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Diplomatic Scandal and Why Political Prisoners Are Not Released – Digest of Belarusian Analytics

Diplomatic scandal with the European Union, political prisoners and economic sanctions remain in the focus of attention of Belarusian analysts. Other topics include the effect of Putin's election as president in Russia, the state of the legal profession in...


Dmitry Karpievich

Diplomatic scandal with the European Union, political prisoners and economic sanctions remain in the focus of attention of Belarusian analysts. Other topics include the effect of Putin's election as president in Russia, the state of the legal profession in Belarus, and a review of human rights violations in February 2012. 

Why doesn't Lukashenka Release Political Prisoners? – The Warsaw-based Solidarity with Belarus Information Office's analysts note that “the release of political prisoners in exchange for ending of the conflict with the EU is perceived by Minsk as a very bad deal”. Firstly, it brings no economic benefits for the country. Secondly, the Belarusian elite, raised by Alexander Lukashenka, will certainly perceive such a move as a weakness of the President. 

“And the Winner Is…”: Belarus and European Union Recall Each Other’s Ambassadors – Vladimir Socor considers that “the mutual recall of ambassadors deepens the gulf between the EU and its immediate neighbour in Central Europe, Belarus. It is a gift of unexpected magnitude to Vladimir Putin’s Eurasian bloc-building strategy.” He concludes that unless the situation deescalates, the Kremlin will be the main beneficiary of the diplomatic scandal between Belarus and the European Union.  

Deadline for Lukashenka, or why the European Ambassadors Left – Andrei Eliseev analyses the development of the current diplomatic conflict between the EU and Belarus, as well as the history of the withdrawal of ambassadors in previous periods. The expert believes that "the EU will continue to insist on their position: first, the release of political prisoners – and then resuming fully-fledged dialogue and a partial freeze of sanctions".

If the EU Sanctions Work: an Analysis of the Arguments – Andrei Eliseev describes the history of relations between the EU with Belarus and shows that EU sanctions have consistently worked well – either fully or partially. The expert examines the arguments of opponents of sanctions and concludes that "the EU sanctions in the Belarusian case may not be as unjustifiable, dangerous and hopeless as it seems to their critics".

Trying to Live with Lukashenka – The Economist recounts the meeting of a group of Belarusian political scholars and civil-society activists with representatives of the Polish foreign ministry and the embassies of the US, Canada and several EU members (5 March, Warsaw). The Economist notes that while many Belarusian activists were calling for the EU to ditch confrontation in favour of support for civil society, several European officials ruled out any changes in their visa policy.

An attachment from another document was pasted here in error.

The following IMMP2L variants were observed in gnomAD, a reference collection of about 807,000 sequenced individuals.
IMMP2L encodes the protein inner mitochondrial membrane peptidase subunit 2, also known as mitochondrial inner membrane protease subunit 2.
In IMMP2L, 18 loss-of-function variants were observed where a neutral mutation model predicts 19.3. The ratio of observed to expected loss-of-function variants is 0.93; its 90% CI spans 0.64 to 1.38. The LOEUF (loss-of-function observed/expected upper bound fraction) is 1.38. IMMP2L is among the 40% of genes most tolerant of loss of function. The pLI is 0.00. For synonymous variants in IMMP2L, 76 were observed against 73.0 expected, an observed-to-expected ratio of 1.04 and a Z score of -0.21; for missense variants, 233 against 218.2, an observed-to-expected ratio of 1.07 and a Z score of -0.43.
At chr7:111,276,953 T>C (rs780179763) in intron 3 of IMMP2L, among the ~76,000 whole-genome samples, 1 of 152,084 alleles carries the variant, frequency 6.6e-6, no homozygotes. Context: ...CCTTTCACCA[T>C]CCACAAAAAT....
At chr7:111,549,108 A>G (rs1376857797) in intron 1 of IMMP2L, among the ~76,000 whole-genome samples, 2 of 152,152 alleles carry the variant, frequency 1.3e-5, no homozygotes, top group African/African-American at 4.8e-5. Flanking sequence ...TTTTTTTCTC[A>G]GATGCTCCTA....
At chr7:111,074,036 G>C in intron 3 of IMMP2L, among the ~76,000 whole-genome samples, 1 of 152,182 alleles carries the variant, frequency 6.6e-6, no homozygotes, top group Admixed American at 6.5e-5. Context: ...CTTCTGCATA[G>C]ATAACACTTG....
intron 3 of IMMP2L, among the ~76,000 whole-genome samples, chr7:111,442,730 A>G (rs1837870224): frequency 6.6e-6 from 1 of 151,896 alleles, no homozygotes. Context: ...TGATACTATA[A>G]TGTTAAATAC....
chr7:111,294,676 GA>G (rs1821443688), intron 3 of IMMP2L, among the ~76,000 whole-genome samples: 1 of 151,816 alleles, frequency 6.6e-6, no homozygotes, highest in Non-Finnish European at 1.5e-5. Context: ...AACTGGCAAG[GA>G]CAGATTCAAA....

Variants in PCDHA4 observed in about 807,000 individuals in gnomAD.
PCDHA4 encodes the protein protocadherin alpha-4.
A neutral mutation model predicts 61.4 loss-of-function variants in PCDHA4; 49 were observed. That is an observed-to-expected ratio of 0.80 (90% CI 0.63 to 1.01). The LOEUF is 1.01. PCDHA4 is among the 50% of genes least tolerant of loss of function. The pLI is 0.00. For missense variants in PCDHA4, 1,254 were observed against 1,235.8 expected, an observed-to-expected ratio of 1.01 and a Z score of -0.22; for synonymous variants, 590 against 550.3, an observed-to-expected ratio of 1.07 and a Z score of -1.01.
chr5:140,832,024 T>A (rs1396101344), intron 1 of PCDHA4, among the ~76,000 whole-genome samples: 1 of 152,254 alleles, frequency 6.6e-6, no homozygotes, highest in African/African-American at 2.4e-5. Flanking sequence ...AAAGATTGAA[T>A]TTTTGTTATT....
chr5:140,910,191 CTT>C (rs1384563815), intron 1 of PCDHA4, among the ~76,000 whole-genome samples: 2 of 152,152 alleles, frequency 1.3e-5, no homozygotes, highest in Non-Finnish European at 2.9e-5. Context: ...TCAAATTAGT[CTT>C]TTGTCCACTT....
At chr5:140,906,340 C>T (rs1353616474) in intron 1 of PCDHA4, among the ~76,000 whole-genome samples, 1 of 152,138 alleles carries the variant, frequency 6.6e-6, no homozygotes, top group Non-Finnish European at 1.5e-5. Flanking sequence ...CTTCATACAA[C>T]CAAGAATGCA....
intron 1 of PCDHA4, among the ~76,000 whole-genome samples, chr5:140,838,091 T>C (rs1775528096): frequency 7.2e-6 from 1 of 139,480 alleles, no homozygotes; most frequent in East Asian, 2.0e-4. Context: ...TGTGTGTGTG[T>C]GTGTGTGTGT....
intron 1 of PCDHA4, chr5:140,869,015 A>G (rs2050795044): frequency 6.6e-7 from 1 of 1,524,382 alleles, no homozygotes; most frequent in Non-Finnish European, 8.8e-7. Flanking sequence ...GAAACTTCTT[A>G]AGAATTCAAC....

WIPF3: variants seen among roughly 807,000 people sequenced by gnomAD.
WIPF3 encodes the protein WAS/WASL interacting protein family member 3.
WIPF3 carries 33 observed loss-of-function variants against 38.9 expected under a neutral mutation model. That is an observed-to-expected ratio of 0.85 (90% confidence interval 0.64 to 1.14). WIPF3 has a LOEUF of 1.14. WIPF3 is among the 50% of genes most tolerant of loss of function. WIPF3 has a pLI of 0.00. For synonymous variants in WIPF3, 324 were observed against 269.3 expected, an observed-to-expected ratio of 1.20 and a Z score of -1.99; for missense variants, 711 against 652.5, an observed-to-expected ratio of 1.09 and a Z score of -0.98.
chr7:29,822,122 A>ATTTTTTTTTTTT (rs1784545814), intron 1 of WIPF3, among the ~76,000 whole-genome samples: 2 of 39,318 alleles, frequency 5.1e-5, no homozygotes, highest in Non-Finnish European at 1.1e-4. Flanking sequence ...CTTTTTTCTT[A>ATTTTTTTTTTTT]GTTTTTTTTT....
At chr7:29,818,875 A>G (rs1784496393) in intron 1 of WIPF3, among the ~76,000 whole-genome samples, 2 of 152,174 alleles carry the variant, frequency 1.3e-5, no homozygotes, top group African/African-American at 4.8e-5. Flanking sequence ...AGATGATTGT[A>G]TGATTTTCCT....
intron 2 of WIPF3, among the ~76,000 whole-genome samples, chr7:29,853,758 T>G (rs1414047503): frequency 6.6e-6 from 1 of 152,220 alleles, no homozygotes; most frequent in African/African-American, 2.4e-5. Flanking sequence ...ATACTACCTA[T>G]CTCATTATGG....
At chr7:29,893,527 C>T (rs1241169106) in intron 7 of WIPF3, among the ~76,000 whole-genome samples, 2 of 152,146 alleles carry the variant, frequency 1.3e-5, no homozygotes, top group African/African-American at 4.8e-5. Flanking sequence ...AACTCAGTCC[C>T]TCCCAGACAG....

Dmitry Karpievich: "Belarusians are Interested in what's Happening in the EU" – Chairman of the Education Center POST Dmitry Karpievich in his interview for Novaya Europa discusses whether there is interest in a  European theme among teachers and pupils, as well as what issues civil educators face in solving the complex "European problem" in Belarusian conditions. The theme of European integration and the way of life attracts considerable interest in Belarus, but there are many barriers which prevent Belarusians from getting information about the European Union without stereotypes.

Results of Elections in Russia: Implications for Belarus – George Plaschinsky notes that the election of Putin means further integration of Belarus in the format of the Common Economic Space. Russia's membership in the WTO is likely to contribute to "forced modernization" of the Belarusian economy. Russia is likely to continue subsidising the Belarusian economy but will be more assertive in seeking more in return, particularly privatisation of state property. 

Analytical Review: February 2012 – The Belarus National Security Blog has released its regular analytical review for February 2012. The authors note that the events of February will largely be of decisive importance for the further development of Belarus. In particular, in the country signs of degradation of the state mechanism have been clearly delineated for the first time, and the diplomatic conflict with the West will have far-reaching consequences, not only in politics but also in finance. 

Analytical Review: Lawyers in Belarus  – The Committee on International Control over the Human Rights Situation in Belarus has prepared an analytical review titled The situation of lawyers in Belarus after the presidential election of 19 December 2010. The document is a compilation of facts and systematic analysis of the situation, for the period of 19 December 2010 – 19 December 2011. The document was prepared with the assistance of the Legal Transformation Centre, the Belarusian Helsinki Committee and the human rights centre Viasna.

February Chronicle of Human Rights Violations. The human rights centre Viasna issued a detailed Review Chronicle of Human Rights Violations in Belarus in February 2012. The human rights activists pay attention to the lack of positive developments in the field of human rights, especially the unresolved issue of political prisoners. Other problems include the use of the death penalty, arbitrary detentions, pressure on human rights activists and journalists. 

Belarus Digest prepared this overview on the basis of materials provided by Pact. This digest attempts to give a richer picture of the recent political and civil society events in Belarus. It often goes beyond the hot stories already available in English-language media.

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